Inferring nonlinear and asymmetric causal relationships between multivariate longitudinal data is a challenging task with wide-ranging application areas including clinical medicine, mathematical biology, economics, and environmental research. A number of methods for inferring causal relationships within complex dynamic and stochastic systems have been proposed, but there is not a unified consistent definition of causality in the context of time series data. We evaluate the performance of ten prominent causality indices for bivariate time series across four simulated model systems that have different coupling schemes and characteristics. Pairwise correlations between different methods, averaged across all simulations, show that there is generally strong agreement between methods, with minimum, median, and maximum Pearson correlations between any pair (excluding two similarity indices) of 0.298, 0.719, and 0.955, respectively. In further experiments, we show that these methods are not always invariant to real-world relevant transformations (data availability, standardization and scaling, rounding errors, missing data, and noisy data). We recommend transfer entropy and nonlinear Granger causality as particularly strong approaches for estimating bivariate causal relationships in real-world applications. Both successfully identify causal relationships and a lack thereof across multiple simulations, while remaining robust to rounding errors, at least 20% missing data and small variance Gaussian noise. Finally, we provide flexible open-access Python code for computation of these methods and for the model simulations.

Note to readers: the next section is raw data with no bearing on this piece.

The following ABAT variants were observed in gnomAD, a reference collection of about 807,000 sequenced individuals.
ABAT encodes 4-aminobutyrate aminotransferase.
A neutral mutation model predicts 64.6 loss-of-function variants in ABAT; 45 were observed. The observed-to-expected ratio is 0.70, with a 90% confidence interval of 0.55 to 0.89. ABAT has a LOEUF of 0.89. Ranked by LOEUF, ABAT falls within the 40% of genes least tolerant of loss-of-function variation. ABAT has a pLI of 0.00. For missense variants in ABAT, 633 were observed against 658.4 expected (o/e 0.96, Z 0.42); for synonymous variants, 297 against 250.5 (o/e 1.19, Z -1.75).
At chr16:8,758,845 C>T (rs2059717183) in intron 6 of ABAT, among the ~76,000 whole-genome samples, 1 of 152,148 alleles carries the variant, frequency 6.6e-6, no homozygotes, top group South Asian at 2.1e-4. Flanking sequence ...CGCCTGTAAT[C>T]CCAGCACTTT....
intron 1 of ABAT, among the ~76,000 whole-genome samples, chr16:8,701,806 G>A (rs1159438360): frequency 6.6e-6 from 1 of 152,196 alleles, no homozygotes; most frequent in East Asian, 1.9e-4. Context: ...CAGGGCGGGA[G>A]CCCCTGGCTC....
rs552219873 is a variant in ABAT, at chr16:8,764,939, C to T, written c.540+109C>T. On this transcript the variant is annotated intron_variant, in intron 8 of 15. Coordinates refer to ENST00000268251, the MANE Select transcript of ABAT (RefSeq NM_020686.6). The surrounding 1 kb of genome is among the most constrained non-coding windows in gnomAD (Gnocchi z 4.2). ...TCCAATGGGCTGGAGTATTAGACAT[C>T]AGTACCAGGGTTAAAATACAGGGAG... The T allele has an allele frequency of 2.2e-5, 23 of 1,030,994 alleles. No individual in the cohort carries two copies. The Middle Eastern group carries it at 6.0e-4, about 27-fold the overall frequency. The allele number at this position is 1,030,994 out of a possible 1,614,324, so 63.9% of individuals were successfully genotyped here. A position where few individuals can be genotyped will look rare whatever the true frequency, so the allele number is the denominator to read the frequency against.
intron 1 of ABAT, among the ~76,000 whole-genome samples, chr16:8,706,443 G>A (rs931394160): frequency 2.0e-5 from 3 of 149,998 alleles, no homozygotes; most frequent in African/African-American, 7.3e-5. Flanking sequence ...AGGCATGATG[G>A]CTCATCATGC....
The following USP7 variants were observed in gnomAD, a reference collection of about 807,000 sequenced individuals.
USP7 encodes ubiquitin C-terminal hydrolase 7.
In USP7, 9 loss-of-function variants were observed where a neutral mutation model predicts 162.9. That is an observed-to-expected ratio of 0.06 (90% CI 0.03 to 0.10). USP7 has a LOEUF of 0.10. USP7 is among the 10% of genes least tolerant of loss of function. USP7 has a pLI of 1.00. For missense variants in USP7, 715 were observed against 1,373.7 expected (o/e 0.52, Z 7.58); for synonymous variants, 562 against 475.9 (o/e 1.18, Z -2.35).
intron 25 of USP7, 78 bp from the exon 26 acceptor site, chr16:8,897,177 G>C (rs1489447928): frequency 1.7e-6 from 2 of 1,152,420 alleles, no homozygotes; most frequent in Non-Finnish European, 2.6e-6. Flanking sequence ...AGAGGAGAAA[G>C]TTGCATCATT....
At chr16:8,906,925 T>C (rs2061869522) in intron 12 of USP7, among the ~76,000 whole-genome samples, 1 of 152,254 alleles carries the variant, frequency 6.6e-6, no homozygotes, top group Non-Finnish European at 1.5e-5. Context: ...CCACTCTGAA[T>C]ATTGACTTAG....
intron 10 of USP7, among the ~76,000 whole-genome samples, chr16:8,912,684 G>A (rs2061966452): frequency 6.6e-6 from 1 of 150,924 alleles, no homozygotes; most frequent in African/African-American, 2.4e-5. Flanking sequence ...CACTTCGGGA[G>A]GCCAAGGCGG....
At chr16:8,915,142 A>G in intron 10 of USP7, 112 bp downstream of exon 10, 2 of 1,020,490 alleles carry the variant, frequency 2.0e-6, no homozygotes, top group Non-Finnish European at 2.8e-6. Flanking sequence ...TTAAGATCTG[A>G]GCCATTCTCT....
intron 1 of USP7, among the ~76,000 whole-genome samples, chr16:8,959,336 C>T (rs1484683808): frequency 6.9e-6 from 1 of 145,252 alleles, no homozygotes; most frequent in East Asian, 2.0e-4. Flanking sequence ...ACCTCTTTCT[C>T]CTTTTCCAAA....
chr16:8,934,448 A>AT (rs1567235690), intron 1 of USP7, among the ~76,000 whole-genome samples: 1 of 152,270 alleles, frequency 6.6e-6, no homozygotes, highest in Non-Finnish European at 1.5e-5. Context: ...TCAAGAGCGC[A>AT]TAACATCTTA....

Quantifying causal relationships between longitudinal observations of a complex system is essential to an understanding of the interactions between sub-components of the system and is subsequently key to building better and more parsimonious models.^{1,2} In many real-world applications, we are rarely able to access or describe an underlying graphical network of these interactions *a priori*, and we are typically limited to observing simultaneously recorded variables from each subsystem as a multivariate time series. Two key properties that are widely regarded as crucial in defining causal relationships are that the effect is temporally preceded by the cause and that external changes to values of the causal variable propagate to values of the effect variable and do not break the causal structure.^{3} Correlation or synchronization in these multivariate time series does not necessarily imply a causal relationship between variables, and counterexamples are easy to find.^{4} Furthermore, a lack of correlation does not imply a lack of causality, and a reliance on correlation-based measures may result in nonlinear causal relationships being obscured, e.g., Ref. 5. In recent decades, various mathematical frameworks^{1,6,7} have been described to allow identification of nonlinear (and asymmetric) causal structures within complex systems, primarily driven by domain-specific applications, from diverse application areas including as statistical economics,^{8} climate science,^{9–11} and computational neuroscience.^{12,13}